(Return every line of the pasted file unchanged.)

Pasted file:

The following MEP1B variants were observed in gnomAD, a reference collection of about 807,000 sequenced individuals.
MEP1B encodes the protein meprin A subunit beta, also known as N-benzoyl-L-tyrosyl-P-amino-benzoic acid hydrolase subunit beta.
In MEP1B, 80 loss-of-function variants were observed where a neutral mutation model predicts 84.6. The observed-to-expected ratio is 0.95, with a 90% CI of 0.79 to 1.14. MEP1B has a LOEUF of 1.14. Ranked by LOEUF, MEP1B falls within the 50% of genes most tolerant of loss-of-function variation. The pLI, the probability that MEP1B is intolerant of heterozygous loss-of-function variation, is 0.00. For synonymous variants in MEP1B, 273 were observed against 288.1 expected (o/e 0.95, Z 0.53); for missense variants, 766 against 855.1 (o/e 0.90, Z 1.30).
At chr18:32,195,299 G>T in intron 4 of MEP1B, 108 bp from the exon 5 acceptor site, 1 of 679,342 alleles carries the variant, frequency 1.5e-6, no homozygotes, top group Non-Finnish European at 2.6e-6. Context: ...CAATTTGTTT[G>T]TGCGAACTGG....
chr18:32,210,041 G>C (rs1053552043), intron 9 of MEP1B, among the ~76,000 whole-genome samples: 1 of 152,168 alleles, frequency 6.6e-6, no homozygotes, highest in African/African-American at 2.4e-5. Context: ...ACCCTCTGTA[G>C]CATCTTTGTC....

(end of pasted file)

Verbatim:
The following MEP1B variants were observed in gnomAD, a reference collection of about 807,000 sequenced individuals.
MEP1B encodes the protein meprin A subunit beta, also known as N-benzoyl-L-tyrosyl-P-amino-benzoic acid hydrolase subunit beta.
In MEP1B, 80 loss-of-function variants were observed where a neutral mutation model predicts 84.6. The observed-to-expected ratio is 0.95, with a 90% CI of 0.79 to 1.14. MEP1B has a LOEUF of 1.14. Ranked by LOEUF, MEP1B falls within the 50% of genes most tolerant of loss-of-function variation. The pLI, the probability that MEP1B is intolerant of heterozygous loss-of-function variation, is 0.00. For synonymous variants in MEP1B, 273 were observed against 288.1 expected (o/e 0.95, Z 0.53); for missense variants, 766 against 855.1 (o/e 0.90, Z 1.30).
At chr18:32,195,299 G>T in intron 4 of MEP1B, 108 bp from the exon 5 acceptor site, 1 of 679,342 alleles carries the variant, frequency 1.5e-6, no homozygotes, top group Non-Finnish European at 2.6e-6. Context: ...CAATTTGTTT[G>T]TGCGAACTGG....
chr18:32,210,041 G>C (rs1053552043), intron 9 of MEP1B, among the ~76,000 whole-genome samples: 1 of 152,168 alleles, frequency 6.6e-6, no homozygotes, highest in African/African-American at 2.4e-5. Context: ...ACCCTCTGTA[G>C]CATCTTTGTC....